sketch by keith fitton
It was like a dream, illuminated by the purple lights of The Tower, pointing into the cold November air, like a shameless phallus reaching toward the heavens. For this is a shameless town. The Golden Mile for the golden smile. The backstreet strip joints, massage parlours, show bars, kiss-me-quick hats, pink candy floss acting as an elaborate stage for sensory bombardment and tacky over-indulgence. Come and ride me she says with a wink in her eye and an open crotch whilst she tells your fortune, pockets your cash and then asks for more. She’s insatiable. Her loyalty is to the smile.
Yet there is a sad beauty that lies beneath her decaying Victorian facade. A two fingers up to the virtual world of faked indifference. She deals in real flesh. The stories of humanity in all its sordid yet vulnerable revealed nature. The release of cotton mill workers frustration into the endless beach, riding the trams to a better future, a mirage of a better life waymarked by exotic lights, animals, sights, smells, tastes and hopes.
It was here I came as a young boy on an odd day trip from my home in the Rossendale valley, the heartland of the Lancashire cotton weaving industry. I was warned of the “catchpenny” stalls and the gypsy fortune tellers that would pinch your soul if you looked into their eyes. Nevertheless, with fringed cowboy hat, I was romanced by the old whore so that fifty years later I’m entranced by the idea of hero Bob Dylan choosing to play three nights at the Winter Gardens on his current UK tour. Now this is a big deal for Blackpool. After struggling to get a ticket with my usual source on vacation when the tour is announced I manage to secure an official ticket at cost price and it proves to be a good ‘un, giving fine views in the intimate wonderful old theatre of his Bobness and band lit in sepia light, playing out of the shadows to an audience made up of a mix of hardened Bobheads and first timers. Amongst the latter there was a little after show disappointment because they expected him to sound like he did in the sixties (they haven’t been paying attention in class then!) As for me, I was transported by the music in a way that hasn’t happened at previous gigs. I found myself lifted by the circling power of the notes as they rose through the hall. Like the swirl of a Wurlitzer the sound reverberated through the body and upwards. Dylan himself was on fine singing form, moving from harmonica and keyboard with well practised ease. Many of the songs were from the latest album “Tempest” with songs of regret, leaving, foretelling, longing, redemption confirming we were in the presence of a prophet, not just an artist. My state of mind may have been partly attributable to the pints of Spitfire consumed in The Galleon listening to the very excellent Simply Dylan at a pre-gig gathering. But I like to think it was also the ethereal power of the music.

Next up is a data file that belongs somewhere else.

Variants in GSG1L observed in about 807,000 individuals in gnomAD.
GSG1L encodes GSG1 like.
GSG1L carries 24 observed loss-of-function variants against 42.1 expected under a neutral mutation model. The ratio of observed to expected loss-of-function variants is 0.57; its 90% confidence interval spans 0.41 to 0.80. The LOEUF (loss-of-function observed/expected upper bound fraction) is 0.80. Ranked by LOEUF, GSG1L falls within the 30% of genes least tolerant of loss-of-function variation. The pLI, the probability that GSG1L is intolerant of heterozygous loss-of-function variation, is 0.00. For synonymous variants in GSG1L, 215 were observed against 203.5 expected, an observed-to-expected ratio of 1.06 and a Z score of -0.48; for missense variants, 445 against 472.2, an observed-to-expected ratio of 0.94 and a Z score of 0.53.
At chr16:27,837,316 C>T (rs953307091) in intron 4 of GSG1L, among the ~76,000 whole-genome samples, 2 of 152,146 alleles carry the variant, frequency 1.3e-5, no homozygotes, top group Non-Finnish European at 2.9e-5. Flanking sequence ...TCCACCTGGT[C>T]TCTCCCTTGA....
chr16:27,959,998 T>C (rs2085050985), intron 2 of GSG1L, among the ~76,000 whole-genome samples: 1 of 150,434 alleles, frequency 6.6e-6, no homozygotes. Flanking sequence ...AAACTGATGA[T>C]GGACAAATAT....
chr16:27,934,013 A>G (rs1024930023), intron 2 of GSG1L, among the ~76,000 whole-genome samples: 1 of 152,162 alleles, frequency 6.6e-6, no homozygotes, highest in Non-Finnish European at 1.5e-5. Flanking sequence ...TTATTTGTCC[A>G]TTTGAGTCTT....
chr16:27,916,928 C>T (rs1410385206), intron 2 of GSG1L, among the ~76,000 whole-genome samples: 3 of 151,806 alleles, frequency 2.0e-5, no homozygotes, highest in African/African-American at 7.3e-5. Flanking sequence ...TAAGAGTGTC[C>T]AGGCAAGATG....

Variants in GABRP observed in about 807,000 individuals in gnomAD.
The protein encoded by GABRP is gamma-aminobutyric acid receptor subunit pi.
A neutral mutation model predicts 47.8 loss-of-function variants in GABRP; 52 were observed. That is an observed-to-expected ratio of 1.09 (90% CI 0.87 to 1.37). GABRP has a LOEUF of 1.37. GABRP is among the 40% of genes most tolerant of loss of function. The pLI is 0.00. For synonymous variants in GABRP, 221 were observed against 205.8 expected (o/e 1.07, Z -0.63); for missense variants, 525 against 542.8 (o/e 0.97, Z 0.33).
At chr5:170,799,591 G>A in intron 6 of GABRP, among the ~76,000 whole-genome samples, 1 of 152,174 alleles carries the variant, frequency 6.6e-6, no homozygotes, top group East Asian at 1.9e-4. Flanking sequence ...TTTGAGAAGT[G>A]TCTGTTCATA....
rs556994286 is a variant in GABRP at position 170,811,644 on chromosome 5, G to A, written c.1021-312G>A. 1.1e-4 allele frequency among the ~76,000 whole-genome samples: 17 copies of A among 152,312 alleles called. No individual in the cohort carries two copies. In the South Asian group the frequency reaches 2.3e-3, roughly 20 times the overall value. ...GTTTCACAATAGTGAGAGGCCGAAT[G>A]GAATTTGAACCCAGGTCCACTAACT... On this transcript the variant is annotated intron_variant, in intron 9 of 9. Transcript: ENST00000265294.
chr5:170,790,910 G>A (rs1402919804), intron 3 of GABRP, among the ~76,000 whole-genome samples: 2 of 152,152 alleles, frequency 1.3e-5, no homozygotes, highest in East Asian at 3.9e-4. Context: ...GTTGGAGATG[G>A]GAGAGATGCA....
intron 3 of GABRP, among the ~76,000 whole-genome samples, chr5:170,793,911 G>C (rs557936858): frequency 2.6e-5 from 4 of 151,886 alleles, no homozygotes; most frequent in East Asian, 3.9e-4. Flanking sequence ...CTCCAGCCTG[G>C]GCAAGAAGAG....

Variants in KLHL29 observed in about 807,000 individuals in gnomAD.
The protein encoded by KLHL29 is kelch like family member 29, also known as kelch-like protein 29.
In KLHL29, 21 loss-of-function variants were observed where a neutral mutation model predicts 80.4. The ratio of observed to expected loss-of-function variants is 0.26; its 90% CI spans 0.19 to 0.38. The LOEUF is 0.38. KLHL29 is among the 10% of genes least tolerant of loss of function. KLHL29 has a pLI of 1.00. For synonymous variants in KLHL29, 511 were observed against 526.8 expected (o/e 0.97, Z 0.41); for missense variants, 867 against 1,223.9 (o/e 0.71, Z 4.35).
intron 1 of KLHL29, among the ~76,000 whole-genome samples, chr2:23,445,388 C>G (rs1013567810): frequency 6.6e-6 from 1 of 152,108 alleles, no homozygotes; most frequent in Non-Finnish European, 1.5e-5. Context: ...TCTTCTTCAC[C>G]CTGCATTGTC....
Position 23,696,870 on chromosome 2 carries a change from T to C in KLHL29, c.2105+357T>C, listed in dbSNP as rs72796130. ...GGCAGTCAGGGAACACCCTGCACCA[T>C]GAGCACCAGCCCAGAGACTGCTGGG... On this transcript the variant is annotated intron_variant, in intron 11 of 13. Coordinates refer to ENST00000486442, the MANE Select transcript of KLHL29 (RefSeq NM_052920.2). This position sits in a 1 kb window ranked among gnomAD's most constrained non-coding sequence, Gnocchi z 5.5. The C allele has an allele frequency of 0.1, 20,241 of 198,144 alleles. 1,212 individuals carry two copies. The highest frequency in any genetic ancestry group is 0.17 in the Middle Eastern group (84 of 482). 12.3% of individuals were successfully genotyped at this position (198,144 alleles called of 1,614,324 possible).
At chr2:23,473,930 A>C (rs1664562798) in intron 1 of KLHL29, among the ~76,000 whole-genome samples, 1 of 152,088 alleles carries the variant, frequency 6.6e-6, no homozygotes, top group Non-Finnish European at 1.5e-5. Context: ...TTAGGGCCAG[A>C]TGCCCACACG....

So, another Dylan gig, another in the county of my birth, in the town of my unravished youth. As I wandered back to my B&B I was sure I caught the glance of a young boy I recognised, walking with wonder in his eyes, clutching a stick of rock thinking what life might be like in fifty years time. And as I passed, I’m sure he winked at me.